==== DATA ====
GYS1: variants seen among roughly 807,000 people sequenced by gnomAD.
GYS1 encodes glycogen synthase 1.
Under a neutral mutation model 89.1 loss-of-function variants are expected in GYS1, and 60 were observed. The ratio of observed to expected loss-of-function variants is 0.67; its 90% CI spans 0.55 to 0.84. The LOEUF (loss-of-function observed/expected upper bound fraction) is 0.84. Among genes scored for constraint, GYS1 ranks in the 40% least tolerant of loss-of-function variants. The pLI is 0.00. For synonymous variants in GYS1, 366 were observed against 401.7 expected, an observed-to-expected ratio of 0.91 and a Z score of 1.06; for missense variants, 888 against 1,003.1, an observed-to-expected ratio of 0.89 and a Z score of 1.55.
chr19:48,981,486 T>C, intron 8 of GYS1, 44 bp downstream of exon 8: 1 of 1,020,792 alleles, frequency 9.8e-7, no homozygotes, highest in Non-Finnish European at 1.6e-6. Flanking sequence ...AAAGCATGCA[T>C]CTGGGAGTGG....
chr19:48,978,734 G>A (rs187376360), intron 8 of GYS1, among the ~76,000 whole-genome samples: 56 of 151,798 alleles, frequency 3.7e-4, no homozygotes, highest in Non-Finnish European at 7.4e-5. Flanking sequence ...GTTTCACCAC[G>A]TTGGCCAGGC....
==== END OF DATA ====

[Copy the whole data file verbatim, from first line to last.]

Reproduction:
GYS1: variants seen among roughly 807,000 people sequenced by gnomAD.
GYS1 encodes glycogen synthase 1.
Under a neutral mutation model 89.1 loss-of-function variants are expected in GYS1, and 60 were observed. The ratio of observed to expected loss-of-function variants is 0.67; its 90% CI spans 0.55 to 0.84. The LOEUF (loss-of-function observed/expected upper bound fraction) is 0.84. Among genes scored for constraint, GYS1 ranks in the 40% least tolerant of loss-of-function variants. The pLI is 0.00. For synonymous variants in GYS1, 366 were observed against 401.7 expected, an observed-to-expected ratio of 0.91 and a Z score of 1.06; for missense variants, 888 against 1,003.1, an observed-to-expected ratio of 0.89 and a Z score of 1.55.
chr19:48,981,486 T>C, intron 8 of GYS1, 44 bp downstream of exon 8: 1 of 1,020,792 alleles, frequency 9.8e-7, no homozygotes, highest in Non-Finnish European at 1.6e-6. Flanking sequence ...AAAGCATGCA[T>C]CTGGGAGTGG....
chr19:48,978,734 G>A (rs187376360), intron 8 of GYS1, among the ~76,000 whole-genome samples: 56 of 151,798 alleles, frequency 3.7e-4, no homozygotes, highest in Non-Finnish European at 7.4e-5. Flanking sequence ...GTTTCACCAC[G>A]TTGGCCAGGC....